Editors: Cora Chan & Fiona de Londras
March 2020, 356 pp.
Description: All states are challenged by the need to protect national security while maintaining the rule of law, but the issue is particularly complex in the China–Hong Kong context. This timely and important book explores how China conceives of its national security and the position of Hong Kong. It considers the risks of introducing national security legislation in Hong Kong, and Hong Kong's sources of resilience against encroachments on its rule of law that may come under the guise of national security. It points to what may be needed to maintain Hong Kong's rule of law once China's 50-year commitment to its autonomy ends in 2047.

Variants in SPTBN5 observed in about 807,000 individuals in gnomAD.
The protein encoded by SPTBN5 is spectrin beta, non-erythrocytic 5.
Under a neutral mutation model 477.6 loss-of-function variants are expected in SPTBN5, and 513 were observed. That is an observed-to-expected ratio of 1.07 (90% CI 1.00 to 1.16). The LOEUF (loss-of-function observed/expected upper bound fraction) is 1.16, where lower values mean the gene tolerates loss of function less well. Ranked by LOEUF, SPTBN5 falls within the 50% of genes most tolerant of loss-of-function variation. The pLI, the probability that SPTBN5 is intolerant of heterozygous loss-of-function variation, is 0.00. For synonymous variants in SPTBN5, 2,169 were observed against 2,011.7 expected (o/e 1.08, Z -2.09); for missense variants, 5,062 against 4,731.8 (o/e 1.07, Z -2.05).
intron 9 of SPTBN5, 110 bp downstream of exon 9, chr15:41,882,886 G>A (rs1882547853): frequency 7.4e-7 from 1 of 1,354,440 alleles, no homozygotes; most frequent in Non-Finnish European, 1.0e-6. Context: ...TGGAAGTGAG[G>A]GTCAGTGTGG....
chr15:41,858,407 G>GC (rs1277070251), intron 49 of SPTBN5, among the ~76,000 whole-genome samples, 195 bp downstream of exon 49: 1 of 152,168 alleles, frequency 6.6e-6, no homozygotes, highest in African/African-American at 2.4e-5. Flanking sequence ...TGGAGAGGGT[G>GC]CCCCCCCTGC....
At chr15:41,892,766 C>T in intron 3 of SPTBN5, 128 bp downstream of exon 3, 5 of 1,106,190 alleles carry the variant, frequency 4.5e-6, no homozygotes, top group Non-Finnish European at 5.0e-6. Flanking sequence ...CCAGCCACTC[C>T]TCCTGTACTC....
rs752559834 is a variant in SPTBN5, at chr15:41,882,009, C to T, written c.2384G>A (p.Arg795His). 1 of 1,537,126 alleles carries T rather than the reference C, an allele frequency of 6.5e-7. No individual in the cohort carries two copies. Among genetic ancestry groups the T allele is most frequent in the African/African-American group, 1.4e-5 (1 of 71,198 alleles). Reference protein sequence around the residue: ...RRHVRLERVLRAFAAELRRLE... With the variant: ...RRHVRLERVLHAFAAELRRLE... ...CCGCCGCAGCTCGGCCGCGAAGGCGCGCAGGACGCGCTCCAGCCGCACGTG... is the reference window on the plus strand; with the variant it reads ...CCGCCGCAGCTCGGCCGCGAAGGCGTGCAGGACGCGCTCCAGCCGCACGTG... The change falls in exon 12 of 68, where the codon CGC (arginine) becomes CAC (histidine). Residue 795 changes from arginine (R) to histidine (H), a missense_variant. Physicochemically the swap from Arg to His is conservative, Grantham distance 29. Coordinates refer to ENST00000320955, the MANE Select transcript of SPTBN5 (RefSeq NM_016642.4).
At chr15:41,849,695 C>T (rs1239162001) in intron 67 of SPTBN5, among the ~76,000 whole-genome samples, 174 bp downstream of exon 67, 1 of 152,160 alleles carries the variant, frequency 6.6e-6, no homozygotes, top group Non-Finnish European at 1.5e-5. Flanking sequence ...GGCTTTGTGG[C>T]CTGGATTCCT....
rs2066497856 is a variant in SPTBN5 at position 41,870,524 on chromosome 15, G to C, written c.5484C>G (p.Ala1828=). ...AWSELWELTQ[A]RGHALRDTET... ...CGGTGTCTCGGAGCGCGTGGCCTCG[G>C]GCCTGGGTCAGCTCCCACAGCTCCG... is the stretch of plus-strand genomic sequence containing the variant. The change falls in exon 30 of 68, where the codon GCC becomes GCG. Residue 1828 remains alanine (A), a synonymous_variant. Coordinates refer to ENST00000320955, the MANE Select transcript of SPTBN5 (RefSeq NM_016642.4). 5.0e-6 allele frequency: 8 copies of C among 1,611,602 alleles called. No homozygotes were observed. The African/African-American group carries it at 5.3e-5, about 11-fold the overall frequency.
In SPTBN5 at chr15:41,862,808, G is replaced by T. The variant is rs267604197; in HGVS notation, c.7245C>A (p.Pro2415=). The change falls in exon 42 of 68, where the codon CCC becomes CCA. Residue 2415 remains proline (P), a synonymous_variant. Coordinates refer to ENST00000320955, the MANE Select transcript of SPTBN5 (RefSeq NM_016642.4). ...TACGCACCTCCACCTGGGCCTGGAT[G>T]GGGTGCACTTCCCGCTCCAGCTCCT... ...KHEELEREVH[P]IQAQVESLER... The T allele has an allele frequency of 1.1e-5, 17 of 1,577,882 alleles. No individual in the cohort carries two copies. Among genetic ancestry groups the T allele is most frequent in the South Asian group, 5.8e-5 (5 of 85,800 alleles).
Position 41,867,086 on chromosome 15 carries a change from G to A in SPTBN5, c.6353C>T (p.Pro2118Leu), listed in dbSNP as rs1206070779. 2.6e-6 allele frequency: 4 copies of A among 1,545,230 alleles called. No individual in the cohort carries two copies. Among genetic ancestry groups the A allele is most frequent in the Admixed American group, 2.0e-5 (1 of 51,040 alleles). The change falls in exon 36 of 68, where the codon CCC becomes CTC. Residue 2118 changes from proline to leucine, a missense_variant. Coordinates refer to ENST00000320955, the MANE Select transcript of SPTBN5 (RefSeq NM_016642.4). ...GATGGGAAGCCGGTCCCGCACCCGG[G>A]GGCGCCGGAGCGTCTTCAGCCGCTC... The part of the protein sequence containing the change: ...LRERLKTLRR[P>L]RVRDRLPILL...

The contributors to this book include world-renowned scholars in comparative public law and national security law. The collection covers a variety of disciplines and jurisdictions, and both scholarly and practical perspectives to present a forward-looking analysis on the rule of law in Hong Kong. It illustrates how Hong Kong may succeed in resisting pressure to advance China's security interests through repressive law. Given China's growing international stature, the book's reflections on China's approach to security have much to tell us about its potential impact on the global political, security, and economic order.
This book is the output of a collaborative project based in the Centre for Comparative and Public Law. Faculty contributors included Cora Chan, Albert Chen, Hualing Fu, Simon Young, Johannes Chan, Danny Gittings (PhD candidate) and Yash Ghai.